Saturday, June 12, 2010

Double Dare

If I could, I would dare them too look in her eyes. There is hurt there. Deep, deep hurt. I would challenge them to look deep in those eyes, oh trust me, I would if I could.

She is reaching out from behind others. Her staff has stopped to speak to me, thank me for my lecture. I had just spoken about the teasing and bullying of people with disabilities. About the pain that that damn word 'ret@rd' causes. About the need for people with disabilities to have skills to understand teasing and the need for us all to rise in protest at the use of hateful words used with the intention of hurt.

Her hand comes towards me tentatively. Like she's reached out before and been rejected. Like she expected her greeting to be turned away. Like hurt was always a possibility in every interaction, at any time.

Oh I dare them. Those teenagers who fling the word 'ret@rd' at each other. Who justify themselves by saying that it doesn't mean anything. I dare them to look in her eyes and tell her that their words don't slap her hard across the face. I dare those disgusting cowards to stand in front of her and excuse their words as meaningless. Oh. Man. I dare them.

I take her hand and the touch gives her courage. She pulls closer to me. She wants to speak. Her voice is soft. It is the voice of someone too often told to be quiet. It is the voice of someone seldom sought for opinion. It is the voice of someone with experience and wisdom but without trust in herself. "I get called that word all the time." She can't even say the word. And her eyes. Oh, her eyes. They fill to the brim with tears. But tears do not fall.

Oh I dare them. Those comedians who use the word 'ret@rd' to full effect. To make themselves a rebel. To make themselves bad boys, bad girls. Oh look at me, I defy political correctness. Oh look at me, I'm SO outrageous. Yeah, they find themselves funny. They justify what they do by saying that you can't censor art. I dare those disgusting cowards to hear the pain in her voice. I dare them to look in her eyes and explain how abuse is art. I dare them to tell a 'ret@rd' joke to her, even in her presence. Cowards. Liars. Bigots. Oh. Man. I dare them.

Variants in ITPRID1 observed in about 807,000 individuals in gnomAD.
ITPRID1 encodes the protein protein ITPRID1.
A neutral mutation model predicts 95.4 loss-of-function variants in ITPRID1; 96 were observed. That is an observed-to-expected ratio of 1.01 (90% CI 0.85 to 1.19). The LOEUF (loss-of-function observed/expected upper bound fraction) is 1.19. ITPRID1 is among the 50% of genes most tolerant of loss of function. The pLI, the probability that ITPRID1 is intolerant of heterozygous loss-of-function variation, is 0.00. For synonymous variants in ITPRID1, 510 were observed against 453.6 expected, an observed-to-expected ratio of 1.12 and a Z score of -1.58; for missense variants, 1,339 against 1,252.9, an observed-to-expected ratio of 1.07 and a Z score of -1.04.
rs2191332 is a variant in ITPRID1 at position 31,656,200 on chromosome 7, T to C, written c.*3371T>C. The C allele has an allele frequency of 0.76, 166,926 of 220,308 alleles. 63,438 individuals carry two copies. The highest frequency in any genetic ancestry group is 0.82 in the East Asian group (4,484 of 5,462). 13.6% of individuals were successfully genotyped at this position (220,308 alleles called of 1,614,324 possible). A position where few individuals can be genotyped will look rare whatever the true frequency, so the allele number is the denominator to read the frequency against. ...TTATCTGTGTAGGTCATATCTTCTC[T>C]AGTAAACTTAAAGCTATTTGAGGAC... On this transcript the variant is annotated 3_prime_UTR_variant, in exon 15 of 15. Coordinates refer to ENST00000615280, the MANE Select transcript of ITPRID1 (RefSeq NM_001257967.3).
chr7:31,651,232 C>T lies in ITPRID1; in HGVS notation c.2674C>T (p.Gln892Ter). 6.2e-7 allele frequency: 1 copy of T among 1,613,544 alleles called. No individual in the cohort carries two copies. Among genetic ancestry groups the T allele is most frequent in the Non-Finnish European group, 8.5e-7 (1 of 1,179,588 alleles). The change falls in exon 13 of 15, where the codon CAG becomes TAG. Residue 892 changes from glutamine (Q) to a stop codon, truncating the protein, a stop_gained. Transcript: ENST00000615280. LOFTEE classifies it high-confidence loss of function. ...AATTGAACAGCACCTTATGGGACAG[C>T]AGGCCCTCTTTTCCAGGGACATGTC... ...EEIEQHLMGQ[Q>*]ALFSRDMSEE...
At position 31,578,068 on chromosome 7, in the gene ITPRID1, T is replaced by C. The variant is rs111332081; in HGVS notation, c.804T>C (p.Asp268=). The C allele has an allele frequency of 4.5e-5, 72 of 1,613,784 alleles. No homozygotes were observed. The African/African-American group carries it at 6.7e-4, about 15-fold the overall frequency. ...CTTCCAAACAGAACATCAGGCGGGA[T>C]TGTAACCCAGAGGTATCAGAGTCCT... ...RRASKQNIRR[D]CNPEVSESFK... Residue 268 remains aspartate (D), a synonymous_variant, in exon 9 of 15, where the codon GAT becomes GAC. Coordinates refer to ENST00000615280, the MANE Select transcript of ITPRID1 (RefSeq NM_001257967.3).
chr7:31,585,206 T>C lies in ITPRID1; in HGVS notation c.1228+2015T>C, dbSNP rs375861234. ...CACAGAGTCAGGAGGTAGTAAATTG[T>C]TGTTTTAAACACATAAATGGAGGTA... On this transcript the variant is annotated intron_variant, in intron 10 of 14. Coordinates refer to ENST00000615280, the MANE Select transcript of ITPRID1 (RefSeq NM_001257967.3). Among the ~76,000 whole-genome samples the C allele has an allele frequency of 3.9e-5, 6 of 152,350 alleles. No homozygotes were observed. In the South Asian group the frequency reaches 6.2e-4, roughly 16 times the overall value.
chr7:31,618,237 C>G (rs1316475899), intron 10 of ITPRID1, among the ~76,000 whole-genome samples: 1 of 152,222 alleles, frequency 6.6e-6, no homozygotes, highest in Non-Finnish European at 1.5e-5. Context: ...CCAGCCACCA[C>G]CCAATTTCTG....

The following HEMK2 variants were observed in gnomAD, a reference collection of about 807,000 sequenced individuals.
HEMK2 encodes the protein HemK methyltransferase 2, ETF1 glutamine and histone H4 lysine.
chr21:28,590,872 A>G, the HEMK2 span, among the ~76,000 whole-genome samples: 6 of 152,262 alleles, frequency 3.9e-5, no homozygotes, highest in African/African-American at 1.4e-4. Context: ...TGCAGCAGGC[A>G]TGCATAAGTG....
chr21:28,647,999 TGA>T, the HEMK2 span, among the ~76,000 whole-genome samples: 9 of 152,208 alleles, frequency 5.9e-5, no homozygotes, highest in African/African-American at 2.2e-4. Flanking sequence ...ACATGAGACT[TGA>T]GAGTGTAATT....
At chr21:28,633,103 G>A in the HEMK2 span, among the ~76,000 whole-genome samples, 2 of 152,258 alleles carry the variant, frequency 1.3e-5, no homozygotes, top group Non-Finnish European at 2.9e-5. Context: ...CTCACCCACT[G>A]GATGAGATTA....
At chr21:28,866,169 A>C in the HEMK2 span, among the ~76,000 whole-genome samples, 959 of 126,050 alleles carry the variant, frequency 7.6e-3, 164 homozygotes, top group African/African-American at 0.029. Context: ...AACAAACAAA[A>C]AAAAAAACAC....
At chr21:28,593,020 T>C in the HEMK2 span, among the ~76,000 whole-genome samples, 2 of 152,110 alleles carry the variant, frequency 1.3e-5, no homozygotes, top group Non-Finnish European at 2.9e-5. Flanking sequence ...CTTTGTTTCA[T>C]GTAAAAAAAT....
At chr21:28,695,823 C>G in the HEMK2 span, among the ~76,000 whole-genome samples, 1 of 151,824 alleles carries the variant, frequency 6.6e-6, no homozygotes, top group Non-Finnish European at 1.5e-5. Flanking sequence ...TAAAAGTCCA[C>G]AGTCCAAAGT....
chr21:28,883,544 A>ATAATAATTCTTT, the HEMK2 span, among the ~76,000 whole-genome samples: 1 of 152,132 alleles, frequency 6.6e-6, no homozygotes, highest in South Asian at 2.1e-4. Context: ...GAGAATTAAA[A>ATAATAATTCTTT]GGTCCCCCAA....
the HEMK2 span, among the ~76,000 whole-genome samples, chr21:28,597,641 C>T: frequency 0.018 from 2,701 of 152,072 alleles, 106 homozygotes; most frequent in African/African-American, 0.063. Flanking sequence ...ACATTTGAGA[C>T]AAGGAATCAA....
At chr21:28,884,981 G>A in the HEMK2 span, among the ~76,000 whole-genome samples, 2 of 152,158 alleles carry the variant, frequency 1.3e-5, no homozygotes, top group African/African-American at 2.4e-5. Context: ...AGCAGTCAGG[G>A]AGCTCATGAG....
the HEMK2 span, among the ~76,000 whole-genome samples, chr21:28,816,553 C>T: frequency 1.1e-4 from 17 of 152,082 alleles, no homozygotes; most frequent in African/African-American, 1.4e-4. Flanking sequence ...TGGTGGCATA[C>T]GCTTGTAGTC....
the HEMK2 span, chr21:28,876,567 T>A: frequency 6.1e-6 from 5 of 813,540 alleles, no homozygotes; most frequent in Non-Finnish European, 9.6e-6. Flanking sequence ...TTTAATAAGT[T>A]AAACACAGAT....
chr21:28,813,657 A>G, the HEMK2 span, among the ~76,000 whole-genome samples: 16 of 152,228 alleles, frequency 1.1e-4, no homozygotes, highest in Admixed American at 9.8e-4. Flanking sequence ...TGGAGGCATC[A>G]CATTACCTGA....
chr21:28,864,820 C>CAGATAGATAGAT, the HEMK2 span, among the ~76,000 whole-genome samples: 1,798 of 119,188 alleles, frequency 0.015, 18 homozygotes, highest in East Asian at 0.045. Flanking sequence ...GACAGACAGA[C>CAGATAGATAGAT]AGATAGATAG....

My heart is in my throat. I tell her that I know that words hurt. That I hope that she learned some new ways of thinking today. That I hope that one day that word will no longer be said. That one day she will be safe from the word that is like a heart seeking missile .. words that aim and penetrate and explode self esteem. She says simply, 'I never want to hear it again.'

Oh I dare them. Those who casually use words of hate. Who think that no one hears them when they utter hateful words. Those who believe that no one around them has a child with a disability, no one around them has a friend with a disability, and of course, no one around them has a disability. Disgusting ignorant jerks. Words. Hurt. Children of three know this. I dare them. I dare them to see her eyes. I dare them to see how she walks. Carefully, as if each step could bring disaster. As if there is risk everywhere. As if she, while she lives the life she lives in the body she has, is never safe.

I dare them to realize that her hurt is their handiwork.

I dare them to take even one single step in her shoes.

I. Dare. Them.

7 comments:

theknapper said...

What a powerful post.

Kristin said...

I saw what bullying and name calling did to my young, strong son. I saw it turn him into a tense, miserable, uptight young man. Blessedly, I could stop that by removing him from the situation. My heart breaks and my soul cries for that beautiful young lady who goes through life with a disability that makes her a target. No one should ever have to deal with that.

Anonymous said...

Hello Dave and Joe

I was in your audience this week, Thursday and Friday. You are an incredible speaker, and you really know how to make people understand. I cannot wait to sit in the audience again next year when you return to Butler, PA.. I hope you & Joe have a wonderful summer. I know that you will continue to touch many many lives, as you did mine. Thank you Jessica

rickismom said...

YES! My daughter is so defensive, so expecting to be laughed at, that it hurts. I try to minimize the damage, but I'm ONE and they are many.....

CJ said...

You have out done yourself.

Anonymous said...

I agree..a very powerful post. Thank you, Dave.

Anjie

heidi said...

I was actually in the audience in Butler and just want to say thank you.....I actually was on the fence about leaving the field after 10 years...but your seminar reminded me that I do make a difference and why I actually started on the field to begin with..... oh...I also went out and bought a yellow shirt AND an orange shirt! If people don't want to see a big girl in a bright color.....TOUGH SHIT!!!!!